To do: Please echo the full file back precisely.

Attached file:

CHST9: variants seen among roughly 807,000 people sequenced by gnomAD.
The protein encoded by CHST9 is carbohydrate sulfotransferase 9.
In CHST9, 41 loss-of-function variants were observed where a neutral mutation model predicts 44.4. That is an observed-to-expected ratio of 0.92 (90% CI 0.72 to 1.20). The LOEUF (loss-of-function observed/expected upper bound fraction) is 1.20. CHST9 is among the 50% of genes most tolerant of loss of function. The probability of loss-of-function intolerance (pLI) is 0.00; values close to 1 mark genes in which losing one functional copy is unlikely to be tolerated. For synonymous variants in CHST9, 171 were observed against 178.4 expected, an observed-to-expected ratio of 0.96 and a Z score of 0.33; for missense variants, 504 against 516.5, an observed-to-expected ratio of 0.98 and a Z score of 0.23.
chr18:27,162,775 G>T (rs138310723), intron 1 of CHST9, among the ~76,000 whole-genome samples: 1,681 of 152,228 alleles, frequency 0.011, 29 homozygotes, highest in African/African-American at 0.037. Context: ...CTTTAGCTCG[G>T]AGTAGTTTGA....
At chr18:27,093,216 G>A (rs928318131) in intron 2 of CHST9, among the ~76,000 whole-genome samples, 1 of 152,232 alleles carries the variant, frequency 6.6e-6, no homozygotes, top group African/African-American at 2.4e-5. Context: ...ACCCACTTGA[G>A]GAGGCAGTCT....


CHST9: variants seen among roughly 807,000 people sequenced by gnomAD.
The protein encoded by CHST9 is carbohydrate sulfotransferase 9.
In CHST9, 41 loss-of-function variants were observed where a neutral mutation model predicts 44.4. That is an observed-to-expected ratio of 0.92 (90% CI 0.72 to 1.20). The LOEUF (loss-of-function observed/expected upper bound fraction) is 1.20. CHST9 is among the 50% of genes most tolerant of loss of function. The probability of loss-of-function intolerance (pLI) is 0.00; values close to 1 mark genes in which losing one functional copy is unlikely to be tolerated. For synonymous variants in CHST9, 171 were observed against 178.4 expected, an observed-to-expected ratio of 0.96 and a Z score of 0.33; for missense variants, 504 against 516.5, an observed-to-expected ratio of 0.98 and a Z score of 0.23.
chr18:27,162,775 G>T (rs138310723), intron 1 of CHST9, among the ~76,000 whole-genome samples: 1,681 of 152,228 alleles, frequency 0.011, 29 homozygotes, highest in African/African-American at 0.037. Context: ...CTTTAGCTCG[G>T]AGTAGTTTGA....
At chr18:27,093,216 G>A (rs928318131) in intron 2 of CHST9, among the ~76,000 whole-genome samples, 1 of 152,232 alleles carries the variant, frequency 6.6e-6, no homozygotes, top group African/African-American at 2.4e-5. Context: ...ACCCACTTGA[G>A]GAGGCAGTCT....